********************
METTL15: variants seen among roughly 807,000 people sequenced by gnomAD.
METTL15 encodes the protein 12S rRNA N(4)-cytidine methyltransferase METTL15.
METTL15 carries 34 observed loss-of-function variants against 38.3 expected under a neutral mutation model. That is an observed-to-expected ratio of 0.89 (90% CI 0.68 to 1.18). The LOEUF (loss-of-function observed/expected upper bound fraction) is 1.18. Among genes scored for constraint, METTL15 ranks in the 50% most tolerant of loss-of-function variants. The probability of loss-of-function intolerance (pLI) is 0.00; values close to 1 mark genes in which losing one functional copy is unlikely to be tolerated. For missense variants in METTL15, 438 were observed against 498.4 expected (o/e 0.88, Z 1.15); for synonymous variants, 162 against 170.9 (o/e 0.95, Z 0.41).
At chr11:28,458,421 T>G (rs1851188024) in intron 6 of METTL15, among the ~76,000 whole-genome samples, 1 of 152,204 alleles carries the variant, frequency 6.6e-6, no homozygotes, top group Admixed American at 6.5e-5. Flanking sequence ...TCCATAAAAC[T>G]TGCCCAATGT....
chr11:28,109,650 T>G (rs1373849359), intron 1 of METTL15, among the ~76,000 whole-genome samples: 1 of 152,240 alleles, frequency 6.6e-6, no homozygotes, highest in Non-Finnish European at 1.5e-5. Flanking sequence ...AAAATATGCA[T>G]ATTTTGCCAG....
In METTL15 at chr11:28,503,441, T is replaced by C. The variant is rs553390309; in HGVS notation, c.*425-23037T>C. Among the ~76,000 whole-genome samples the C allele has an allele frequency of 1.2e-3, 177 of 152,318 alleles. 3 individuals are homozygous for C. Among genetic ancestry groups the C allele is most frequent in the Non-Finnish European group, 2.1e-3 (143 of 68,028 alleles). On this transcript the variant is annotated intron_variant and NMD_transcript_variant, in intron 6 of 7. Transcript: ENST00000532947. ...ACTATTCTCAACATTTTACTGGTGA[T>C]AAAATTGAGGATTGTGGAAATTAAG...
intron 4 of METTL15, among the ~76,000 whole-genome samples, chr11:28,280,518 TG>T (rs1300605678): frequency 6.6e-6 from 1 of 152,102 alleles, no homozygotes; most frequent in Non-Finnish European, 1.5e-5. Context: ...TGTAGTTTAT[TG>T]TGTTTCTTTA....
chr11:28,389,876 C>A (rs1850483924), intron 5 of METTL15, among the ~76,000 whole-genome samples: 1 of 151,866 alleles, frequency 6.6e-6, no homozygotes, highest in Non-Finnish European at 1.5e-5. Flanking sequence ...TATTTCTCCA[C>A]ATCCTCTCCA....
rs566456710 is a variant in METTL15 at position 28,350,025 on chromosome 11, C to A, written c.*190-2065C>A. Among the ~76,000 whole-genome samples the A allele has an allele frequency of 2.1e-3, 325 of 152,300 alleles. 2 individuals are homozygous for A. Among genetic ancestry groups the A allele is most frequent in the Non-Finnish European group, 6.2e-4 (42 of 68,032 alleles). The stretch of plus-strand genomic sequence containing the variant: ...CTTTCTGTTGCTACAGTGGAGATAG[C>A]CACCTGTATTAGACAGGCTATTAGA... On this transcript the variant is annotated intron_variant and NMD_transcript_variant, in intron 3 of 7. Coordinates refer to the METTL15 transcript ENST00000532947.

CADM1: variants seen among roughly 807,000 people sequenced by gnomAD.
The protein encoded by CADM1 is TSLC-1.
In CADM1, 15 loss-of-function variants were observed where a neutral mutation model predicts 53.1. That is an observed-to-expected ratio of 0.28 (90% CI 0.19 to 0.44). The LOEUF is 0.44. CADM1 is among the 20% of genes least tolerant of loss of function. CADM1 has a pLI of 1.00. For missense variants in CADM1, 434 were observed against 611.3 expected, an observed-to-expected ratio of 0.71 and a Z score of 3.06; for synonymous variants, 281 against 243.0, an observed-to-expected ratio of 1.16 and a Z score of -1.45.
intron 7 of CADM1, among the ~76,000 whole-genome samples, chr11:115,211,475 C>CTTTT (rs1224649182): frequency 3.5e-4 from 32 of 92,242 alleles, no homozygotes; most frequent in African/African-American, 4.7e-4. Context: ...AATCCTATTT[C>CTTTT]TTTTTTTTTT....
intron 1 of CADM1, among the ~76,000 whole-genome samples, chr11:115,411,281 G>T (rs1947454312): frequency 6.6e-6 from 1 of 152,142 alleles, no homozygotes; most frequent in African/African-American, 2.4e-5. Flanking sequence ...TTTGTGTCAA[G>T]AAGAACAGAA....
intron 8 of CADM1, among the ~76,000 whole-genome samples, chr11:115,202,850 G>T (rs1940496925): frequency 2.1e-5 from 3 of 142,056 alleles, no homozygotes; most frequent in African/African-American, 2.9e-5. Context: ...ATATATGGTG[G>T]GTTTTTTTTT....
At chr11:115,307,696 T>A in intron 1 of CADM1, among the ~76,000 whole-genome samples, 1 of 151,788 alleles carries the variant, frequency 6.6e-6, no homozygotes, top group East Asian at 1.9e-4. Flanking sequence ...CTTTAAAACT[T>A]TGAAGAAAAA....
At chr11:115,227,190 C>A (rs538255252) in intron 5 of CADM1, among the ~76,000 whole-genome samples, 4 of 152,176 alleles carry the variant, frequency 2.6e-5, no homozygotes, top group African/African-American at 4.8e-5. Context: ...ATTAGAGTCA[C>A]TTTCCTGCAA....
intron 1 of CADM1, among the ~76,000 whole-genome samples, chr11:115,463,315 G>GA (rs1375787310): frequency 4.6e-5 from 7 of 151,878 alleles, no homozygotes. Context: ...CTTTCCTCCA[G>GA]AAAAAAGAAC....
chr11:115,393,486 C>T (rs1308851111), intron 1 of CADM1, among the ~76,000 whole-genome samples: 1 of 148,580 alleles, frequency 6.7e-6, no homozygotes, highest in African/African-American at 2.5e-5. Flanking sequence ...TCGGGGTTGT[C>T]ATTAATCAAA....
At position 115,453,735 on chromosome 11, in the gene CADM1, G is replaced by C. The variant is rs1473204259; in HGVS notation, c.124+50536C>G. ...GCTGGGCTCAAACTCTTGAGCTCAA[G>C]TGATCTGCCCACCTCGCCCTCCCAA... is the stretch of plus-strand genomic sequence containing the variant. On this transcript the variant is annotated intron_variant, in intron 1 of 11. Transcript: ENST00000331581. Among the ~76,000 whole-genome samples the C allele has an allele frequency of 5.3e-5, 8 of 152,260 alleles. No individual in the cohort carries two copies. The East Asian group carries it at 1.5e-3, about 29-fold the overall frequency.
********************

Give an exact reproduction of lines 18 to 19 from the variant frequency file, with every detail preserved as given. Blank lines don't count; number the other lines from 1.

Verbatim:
intron 1 of CADM1, among the ~76,000 whole-genome samples, chr11:115,463,315 G>GA (rs1375787310): frequency 4.6e-5 from 7 of 151,878 alleles, no homozygotes. Context: ...CTTTCCTCCA[G>GA]AAAAAAGAAC....
chr11:115,393,486 C>T (rs1308851111), intron 1 of CADM1, among the ~76,000 whole-genome samples: 1 of 148,580 alleles, frequency 6.7e-6, no homozygotes, highest in African/African-American at 2.5e-5. Flanking sequence ...TCGGGGTTGT[C>T]ATTAATCAAA....